I loved this book!!! The main objective of the book is to 1) Point out and praise God's calling for women in the Bible, 2) Give insight on how to thrive in a homemaker/mother role, and 3) Dispell the myths and lies that are Feminism.
Let me give a disclaimer: there are a lot of people that would read this book and be blatantly offended. However, if I may be so bold, the point of this book was not to be politically correct (thank the Lord). I related to this book because since I was a little girl, I've known without a shadow of a doubt that I was meant to be a homemaker and raise children. Period. I never had the urge or desire to pursue a career, or to climb the corporate ladder. Reading a book by women that acknowledge motherhood as a high calling was a breath of fresh air. One of the authors even tells her story of how she left the workplace and is now a full-time wife, homemaker, and mother. Meaning, she's been there, and is not just writing randomly about what she believes: she's lived it.
The authors' writing style is surprisingly not "goody goody" in the sense that you think.....Wow, that's so spiritual it's annoying. There was one moment in the book (the very last chapter) where I thought "I don't think I'd say exactly that or act exactly that way" but the point was good.
I came away with an appreciation for my mom and dad, who understood that this was my calling in life, and they allowed me to step away from my formal college education because of this. The book doesn't necessarily discourage higher education, but it promotes awareness that the feminist agenda is extremely prevalent in our education system, and it's rare to find people who find staying at home a woman's true and legitimate calling.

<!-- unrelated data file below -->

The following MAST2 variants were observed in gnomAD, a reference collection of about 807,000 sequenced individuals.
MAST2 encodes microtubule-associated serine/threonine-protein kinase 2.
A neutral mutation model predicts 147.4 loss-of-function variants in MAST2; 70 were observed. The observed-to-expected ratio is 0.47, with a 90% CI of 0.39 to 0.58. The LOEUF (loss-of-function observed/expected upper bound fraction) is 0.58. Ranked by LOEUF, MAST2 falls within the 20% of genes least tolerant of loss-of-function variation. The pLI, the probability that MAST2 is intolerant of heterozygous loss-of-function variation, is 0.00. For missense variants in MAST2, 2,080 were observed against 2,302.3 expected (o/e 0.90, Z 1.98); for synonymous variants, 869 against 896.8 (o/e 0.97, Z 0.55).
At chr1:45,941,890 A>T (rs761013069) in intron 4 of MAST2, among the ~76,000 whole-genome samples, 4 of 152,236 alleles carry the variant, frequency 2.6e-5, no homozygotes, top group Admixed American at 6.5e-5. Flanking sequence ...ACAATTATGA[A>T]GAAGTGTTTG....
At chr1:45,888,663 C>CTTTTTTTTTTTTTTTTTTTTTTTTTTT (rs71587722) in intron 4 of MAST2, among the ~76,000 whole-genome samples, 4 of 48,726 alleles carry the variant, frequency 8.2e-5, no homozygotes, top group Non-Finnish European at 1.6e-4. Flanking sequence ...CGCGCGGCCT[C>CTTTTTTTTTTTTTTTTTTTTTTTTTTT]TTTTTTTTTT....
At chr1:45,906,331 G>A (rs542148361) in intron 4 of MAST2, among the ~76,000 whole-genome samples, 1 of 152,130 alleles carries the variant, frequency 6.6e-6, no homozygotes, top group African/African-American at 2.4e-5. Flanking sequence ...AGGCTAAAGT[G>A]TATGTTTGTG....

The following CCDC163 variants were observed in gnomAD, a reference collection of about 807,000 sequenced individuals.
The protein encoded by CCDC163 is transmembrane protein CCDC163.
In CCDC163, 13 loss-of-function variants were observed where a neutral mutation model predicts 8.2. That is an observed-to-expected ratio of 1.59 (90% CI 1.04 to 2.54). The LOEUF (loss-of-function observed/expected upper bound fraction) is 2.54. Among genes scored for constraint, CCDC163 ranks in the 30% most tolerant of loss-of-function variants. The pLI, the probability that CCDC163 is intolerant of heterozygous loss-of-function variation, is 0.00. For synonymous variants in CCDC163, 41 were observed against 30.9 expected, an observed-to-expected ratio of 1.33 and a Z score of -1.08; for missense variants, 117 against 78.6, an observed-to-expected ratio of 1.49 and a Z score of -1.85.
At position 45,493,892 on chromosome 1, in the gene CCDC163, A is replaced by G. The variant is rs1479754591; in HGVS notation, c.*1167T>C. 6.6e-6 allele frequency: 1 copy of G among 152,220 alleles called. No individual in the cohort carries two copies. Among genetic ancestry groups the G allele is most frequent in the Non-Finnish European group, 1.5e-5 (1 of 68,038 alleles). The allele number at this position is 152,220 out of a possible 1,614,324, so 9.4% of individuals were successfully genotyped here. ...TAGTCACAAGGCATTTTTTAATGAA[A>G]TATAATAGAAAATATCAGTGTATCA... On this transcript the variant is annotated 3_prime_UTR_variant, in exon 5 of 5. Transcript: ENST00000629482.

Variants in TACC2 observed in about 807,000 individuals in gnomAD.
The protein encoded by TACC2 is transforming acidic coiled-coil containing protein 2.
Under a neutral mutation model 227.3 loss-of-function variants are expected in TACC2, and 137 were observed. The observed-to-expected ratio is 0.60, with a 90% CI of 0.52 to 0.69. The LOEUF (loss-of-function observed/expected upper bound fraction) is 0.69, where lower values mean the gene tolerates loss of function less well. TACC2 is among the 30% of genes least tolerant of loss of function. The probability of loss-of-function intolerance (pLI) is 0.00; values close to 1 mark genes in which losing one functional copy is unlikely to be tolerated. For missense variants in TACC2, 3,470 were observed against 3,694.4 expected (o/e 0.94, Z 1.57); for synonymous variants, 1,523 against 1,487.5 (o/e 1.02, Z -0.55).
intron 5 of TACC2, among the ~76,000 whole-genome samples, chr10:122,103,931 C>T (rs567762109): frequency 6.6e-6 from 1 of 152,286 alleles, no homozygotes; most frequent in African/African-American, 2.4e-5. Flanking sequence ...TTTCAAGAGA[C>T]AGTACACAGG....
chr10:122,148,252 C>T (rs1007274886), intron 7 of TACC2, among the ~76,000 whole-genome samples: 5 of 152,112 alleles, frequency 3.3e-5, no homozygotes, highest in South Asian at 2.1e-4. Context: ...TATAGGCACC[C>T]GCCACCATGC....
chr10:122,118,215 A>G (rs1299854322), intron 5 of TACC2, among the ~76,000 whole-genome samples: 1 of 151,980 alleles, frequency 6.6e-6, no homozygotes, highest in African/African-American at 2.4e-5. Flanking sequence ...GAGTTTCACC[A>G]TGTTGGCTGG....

There are so many quotes in the book that I loved. Here are a few:
"Today, even in Christian circles, a homemaker's vocation is viewed as optional, replaceable, and more like a hobby to fulfill her own needs rather than as a vital asset to the family."
"Often, we don't view our daily activities biblically. We wrongly believe that the more mundane the task, the less significant it is to God. As difficult as it may be to believe, the hands that tenderly bathe your baby at night are no less holy than the hands that serve you Communion on Sunday. Every small act of love for your family---every diaper you change, every meal you prepare, every toilet you scrub, every errand you run, every fever you tend to, each tooth you pull----each is a holy act when it's done unto the Lord."
"Jesus made himself of no reputation. He did not seek after degrees or recognition. He was content to stay in a tiny area and minister to a miniscule group of people whom the world viewed as insignificant. Kind of like a homemaker, under the authority of her loving husband, ministering to the children who need her."
"When homes do not have creative, happy, intelligent mothers keeping them, their occupants go elsewhere to learn how to behave, to learn what music to love, to learn what art to imitate. Are you building culture in your home? Are you training your children to be image-bearers of God in this world? This is your calling."
I may be stepping on some toes here, but I'm going to say it: I am proud that my calling is to be a "keeper of home" and to raise a godly family. To me, there is no higher honor or responsibility that we as women have. I am not naive: I know that there will be hard days, long nights, and my patience will be tested beyond its limits. But I do not look ahead to these days as "drudgery" or being a prisoner in my home; I am excited about them!
I encourage you to read this book. You might find it challenging, but we need to be challenged in our thinking. Happy reading!